Selecting The Right Wave Spring End-Type

Traditional coil springs are widely used throughout a variety of applications across nearly every industry. The typical end configuration for coil springs is where you have a helix, and the last turn is bent down, touching the second to last turn and ground to form a shim.

wave spring end-types

Rotor Clip manufactures the largest range of wave springs in the market, with the ability to manufacture springs from 3 mm to 635 mm. Wave springs offer space savings in an axial direction, in which 50% of the operating height can be reduced. Wave springs produce loads in shorter spaces by distributing the loads over the waves themselves from bending, opposed to torsion. When specifying wave springs, there are many features that can be modified to suit individual application requirements. Whether you need a custom or if a standard configuration works, when it comes to coiling, modifications and customizations are often simple, as it’s just an adjustment and no special tooling is needed.

With multi-turn wave springs, customers often think they need a shim ended part based on conventional coil spring designs. However, Rotor Clip engineers can help assess the right end-type for wave springs based on your application requirements. Here are the following end-type configurations offered for both single-turn and multi-turn wave springs:

Multi-Turn Wave Springs

Plain Ends

Plain ends are the standard and generally most commonly spec’d end-type for multi-turn wave springs, in which the end stops at the next peak.

Shim Ends

Shim-ends are a configuration with two extra flat turns/layers of material to further support even loading on the top and bottom surface. Although, wave springs typically sit flat, in certain cases a shim-ended part would be beneficial if there’s an uneven surface that the spring is sitting upon. The shim end will bridge the unevenness in the application. For example, a case for utilizing a shim end is when waves can potentially fall into a trough, a hole or slot, that is an uneven mating surface.

Another reason to utilize a shim-end for a wave spring is for soft material (such as plastics, rubbers, soft metals, etc.) that the spring is mating with. You add a shim if each wave is pushing on something soft, while there’s a high load for distributing it as much as you can around the circumference. As a result, the wave spring is pushing on the shim, which is uniformly distributed over the soft material.

Shim ends can occasionally have alternative design functions that allow them to positively impact application performance. On occasions, multiple shims have even been added to help affix the spring to the mating component by winding the ends into a groove.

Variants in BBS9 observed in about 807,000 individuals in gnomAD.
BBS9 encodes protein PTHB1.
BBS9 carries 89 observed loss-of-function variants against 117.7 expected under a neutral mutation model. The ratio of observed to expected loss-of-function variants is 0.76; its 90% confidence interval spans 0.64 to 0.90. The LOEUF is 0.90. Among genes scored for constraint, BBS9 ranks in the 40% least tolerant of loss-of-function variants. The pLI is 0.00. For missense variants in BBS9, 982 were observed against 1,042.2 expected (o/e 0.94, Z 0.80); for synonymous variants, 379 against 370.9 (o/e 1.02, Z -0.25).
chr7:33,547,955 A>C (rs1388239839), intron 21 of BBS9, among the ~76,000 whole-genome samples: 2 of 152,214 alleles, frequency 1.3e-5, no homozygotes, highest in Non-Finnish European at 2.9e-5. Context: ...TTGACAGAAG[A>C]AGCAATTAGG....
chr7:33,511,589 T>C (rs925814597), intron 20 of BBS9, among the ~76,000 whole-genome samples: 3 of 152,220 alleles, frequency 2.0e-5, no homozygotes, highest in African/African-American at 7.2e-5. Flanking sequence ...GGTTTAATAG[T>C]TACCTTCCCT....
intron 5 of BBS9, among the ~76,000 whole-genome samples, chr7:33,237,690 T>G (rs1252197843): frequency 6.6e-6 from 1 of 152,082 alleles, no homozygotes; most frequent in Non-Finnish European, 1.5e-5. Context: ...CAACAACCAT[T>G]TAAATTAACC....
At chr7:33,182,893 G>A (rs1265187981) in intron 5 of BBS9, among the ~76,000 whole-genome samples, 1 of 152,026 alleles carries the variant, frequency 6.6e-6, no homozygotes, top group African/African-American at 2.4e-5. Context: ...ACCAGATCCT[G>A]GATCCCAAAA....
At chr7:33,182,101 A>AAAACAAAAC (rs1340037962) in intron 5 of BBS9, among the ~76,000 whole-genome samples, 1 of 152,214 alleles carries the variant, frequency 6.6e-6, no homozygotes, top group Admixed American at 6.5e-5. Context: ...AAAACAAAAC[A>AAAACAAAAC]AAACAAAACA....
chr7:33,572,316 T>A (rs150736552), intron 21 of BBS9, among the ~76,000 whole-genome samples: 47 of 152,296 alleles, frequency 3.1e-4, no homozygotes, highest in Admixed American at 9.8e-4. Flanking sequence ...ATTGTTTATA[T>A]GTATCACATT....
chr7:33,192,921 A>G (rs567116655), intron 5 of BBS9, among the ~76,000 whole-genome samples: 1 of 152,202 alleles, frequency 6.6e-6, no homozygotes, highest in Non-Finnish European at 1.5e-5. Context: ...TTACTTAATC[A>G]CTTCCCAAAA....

Single-Turn Wave Springs

Single turn wave springs, often specified for taking up tolerances or providing a preload in an application are available in assorted configurations. There are couple of options for selecting the appropriate end-type for single-turn wave springs. The main discussion points for whether your application calls for gap or overlap ends is based on the method of packaging, assembly, and design aspects of the solid height.


These types of ends have a physical gap. We are able to control the distance of the gap, as there may be components that need to clear that gap. Rotor Clip engineers have even patented a type of single-turn wave spring with flat ends. Our patented flat-ends protect bearings by eliminating sharp, damaging corners from the spring ends, instead flattening them so they rest smoothly against the mating assembly. It’s another reason why designers are increasingly discovering flat wire wave springs as an attractive option for spring-loaded applications.


An overlap single-turn wave spring has an end configuration in which the ends come together with one end “overlapping” the other. The result of this end-type offers no digging while mating with the surface. Another benefit of having no open gap, you eliminate parts being tangled in a bulk packaging arrangement.

Specialty End-types

Floating Ends

Typically, with multi-turn wave springs the end comes down and rests on a peak of the turn below it. When the wave spring is compressed, that end is sitting on the mating surface, which could be an area that can allow scratching. This is especially the case if the wire thickness is very thick and promotes scratching in that concentrated area. For floating ends we’ll cut the end back a little bit, so the end is not resting on the peak. Like the name implies, the end is floating and when compressed the end curls down into the part itself. This type of end configuration greatly mitigates any ability to scratch the mating surface.


Rotor Clip engineers the right part, for the right application, whether its standard or custom. Providing Application Driven Solutionsᵀᴹ, we have the extensive experience designing products into applications across nearly every industry. Rotor Clip provides on-demand engineering support services designed around your needs! Whether you have a specific question about your application requirement or require general product training, we’ll deliver engineering support directly to you in the manner you choose - live web conferencing, face-to-face at your location or via phone or email. Need assistance on your selecting the right wave spring and end-type contact an engineer today.

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